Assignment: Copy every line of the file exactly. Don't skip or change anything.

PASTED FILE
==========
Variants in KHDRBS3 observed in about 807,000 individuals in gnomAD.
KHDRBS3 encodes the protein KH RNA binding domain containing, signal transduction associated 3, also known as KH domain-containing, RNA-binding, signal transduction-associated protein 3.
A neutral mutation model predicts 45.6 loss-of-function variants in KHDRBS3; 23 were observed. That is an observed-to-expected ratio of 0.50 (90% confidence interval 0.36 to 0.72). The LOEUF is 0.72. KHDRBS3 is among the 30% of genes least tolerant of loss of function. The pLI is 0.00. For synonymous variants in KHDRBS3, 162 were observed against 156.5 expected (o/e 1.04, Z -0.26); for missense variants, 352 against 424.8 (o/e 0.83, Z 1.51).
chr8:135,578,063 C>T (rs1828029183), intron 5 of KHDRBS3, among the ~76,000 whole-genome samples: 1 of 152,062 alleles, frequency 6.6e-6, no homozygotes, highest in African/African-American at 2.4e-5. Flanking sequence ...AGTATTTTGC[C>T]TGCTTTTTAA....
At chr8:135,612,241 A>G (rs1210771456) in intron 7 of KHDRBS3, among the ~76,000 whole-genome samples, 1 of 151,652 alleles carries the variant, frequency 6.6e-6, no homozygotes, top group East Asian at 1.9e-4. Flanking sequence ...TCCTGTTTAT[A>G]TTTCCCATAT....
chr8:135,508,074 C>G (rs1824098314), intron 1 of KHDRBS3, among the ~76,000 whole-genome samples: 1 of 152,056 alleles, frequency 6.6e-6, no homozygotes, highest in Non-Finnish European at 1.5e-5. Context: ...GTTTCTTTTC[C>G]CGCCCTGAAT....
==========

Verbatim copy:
Variants in KHDRBS3 observed in about 807,000 individuals in gnomAD.
KHDRBS3 encodes the protein KH RNA binding domain containing, signal transduction associated 3, also known as KH domain-containing, RNA-binding, signal transduction-associated protein 3.
A neutral mutation model predicts 45.6 loss-of-function variants in KHDRBS3; 23 were observed. That is an observed-to-expected ratio of 0.50 (90% confidence interval 0.36 to 0.72). The LOEUF is 0.72. KHDRBS3 is among the 30% of genes least tolerant of loss of function. The pLI is 0.00. For synonymous variants in KHDRBS3, 162 were observed against 156.5 expected (o/e 1.04, Z -0.26); for missense variants, 352 against 424.8 (o/e 0.83, Z 1.51).
chr8:135,578,063 C>T (rs1828029183), intron 5 of KHDRBS3, among the ~76,000 whole-genome samples: 1 of 152,062 alleles, frequency 6.6e-6, no homozygotes, highest in African/African-American at 2.4e-5. Flanking sequence ...AGTATTTTGC[C>T]TGCTTTTTAA....
At chr8:135,612,241 A>G (rs1210771456) in intron 7 of KHDRBS3, among the ~76,000 whole-genome samples, 1 of 151,652 alleles carries the variant, frequency 6.6e-6, no homozygotes, top group East Asian at 1.9e-4. Flanking sequence ...TCCTGTTTAT[A>G]TTTCCCATAT....
chr8:135,508,074 C>G (rs1824098314), intron 1 of KHDRBS3, among the ~76,000 whole-genome samples: 1 of 152,056 alleles, frequency 6.6e-6, no homozygotes, highest in Non-Finnish European at 1.5e-5. Context: ...GTTTCTTTTC[C>G]CGCCCTGAAT....